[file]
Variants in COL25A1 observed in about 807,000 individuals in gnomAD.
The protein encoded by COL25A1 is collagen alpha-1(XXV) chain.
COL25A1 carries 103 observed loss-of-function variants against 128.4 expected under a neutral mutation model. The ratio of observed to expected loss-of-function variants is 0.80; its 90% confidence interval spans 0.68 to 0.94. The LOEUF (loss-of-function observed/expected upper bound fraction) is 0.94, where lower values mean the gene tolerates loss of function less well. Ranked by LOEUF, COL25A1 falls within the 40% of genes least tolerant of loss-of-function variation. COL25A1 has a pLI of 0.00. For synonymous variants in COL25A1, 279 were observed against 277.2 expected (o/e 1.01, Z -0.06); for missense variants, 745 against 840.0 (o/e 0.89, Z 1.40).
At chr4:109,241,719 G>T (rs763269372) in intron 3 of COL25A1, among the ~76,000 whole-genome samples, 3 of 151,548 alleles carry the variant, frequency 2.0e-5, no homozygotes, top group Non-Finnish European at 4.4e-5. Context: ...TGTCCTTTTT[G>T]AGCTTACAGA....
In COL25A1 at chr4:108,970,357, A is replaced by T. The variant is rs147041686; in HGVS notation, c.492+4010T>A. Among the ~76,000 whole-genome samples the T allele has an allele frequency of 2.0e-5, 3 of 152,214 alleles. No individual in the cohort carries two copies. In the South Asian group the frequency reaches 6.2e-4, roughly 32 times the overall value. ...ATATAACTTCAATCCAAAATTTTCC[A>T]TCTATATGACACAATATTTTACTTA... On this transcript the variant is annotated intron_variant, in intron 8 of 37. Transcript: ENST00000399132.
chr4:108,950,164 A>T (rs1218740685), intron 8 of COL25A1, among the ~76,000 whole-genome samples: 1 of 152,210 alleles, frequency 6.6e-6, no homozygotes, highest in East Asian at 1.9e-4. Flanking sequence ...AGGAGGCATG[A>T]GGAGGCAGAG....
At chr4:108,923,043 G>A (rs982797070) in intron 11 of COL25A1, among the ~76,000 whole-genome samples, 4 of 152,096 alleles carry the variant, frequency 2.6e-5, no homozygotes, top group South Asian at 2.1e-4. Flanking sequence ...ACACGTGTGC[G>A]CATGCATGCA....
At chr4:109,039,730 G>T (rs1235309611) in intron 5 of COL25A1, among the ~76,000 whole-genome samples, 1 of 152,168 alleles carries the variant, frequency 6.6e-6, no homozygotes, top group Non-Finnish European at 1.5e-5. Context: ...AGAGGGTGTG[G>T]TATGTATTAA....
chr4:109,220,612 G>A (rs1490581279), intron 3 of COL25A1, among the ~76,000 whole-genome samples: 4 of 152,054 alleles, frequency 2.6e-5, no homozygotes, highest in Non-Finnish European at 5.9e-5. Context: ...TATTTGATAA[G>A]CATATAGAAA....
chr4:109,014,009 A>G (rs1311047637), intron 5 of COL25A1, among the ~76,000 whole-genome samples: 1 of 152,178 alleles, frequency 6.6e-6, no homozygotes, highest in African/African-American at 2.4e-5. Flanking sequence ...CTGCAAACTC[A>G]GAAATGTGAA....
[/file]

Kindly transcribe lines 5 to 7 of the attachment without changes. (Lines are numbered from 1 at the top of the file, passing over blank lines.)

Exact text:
In COL25A1 at chr4:108,970,357, A is replaced by T. The variant is rs147041686; in HGVS notation, c.492+4010T>A. Among the ~76,000 whole-genome samples the T allele has an allele frequency of 2.0e-5, 3 of 152,214 alleles. No individual in the cohort carries two copies. In the South Asian group the frequency reaches 6.2e-4, roughly 32 times the overall value. ...ATATAACTTCAATCCAAAATTTTCC[A>T]TCTATATGACACAATATTTTACTTA... On this transcript the variant is annotated intron_variant, in intron 8 of 37. Transcript: ENST00000399132.
chr4:108,950,164 A>T (rs1218740685), intron 8 of COL25A1, among the ~76,000 whole-genome samples: 1 of 152,210 alleles, frequency 6.6e-6, no homozygotes, highest in East Asian at 1.9e-4. Flanking sequence ...AGGAGGCATG[A>T]GGAGGCAGAG....
At chr4:108,923,043 G>A (rs982797070) in intron 11 of COL25A1, among the ~76,000 whole-genome samples, 4 of 152,096 alleles carry the variant, frequency 2.6e-5, no homozygotes, top group South Asian at 2.1e-4. Flanking sequence ...ACACGTGTGC[G>A]CATGCATGCA....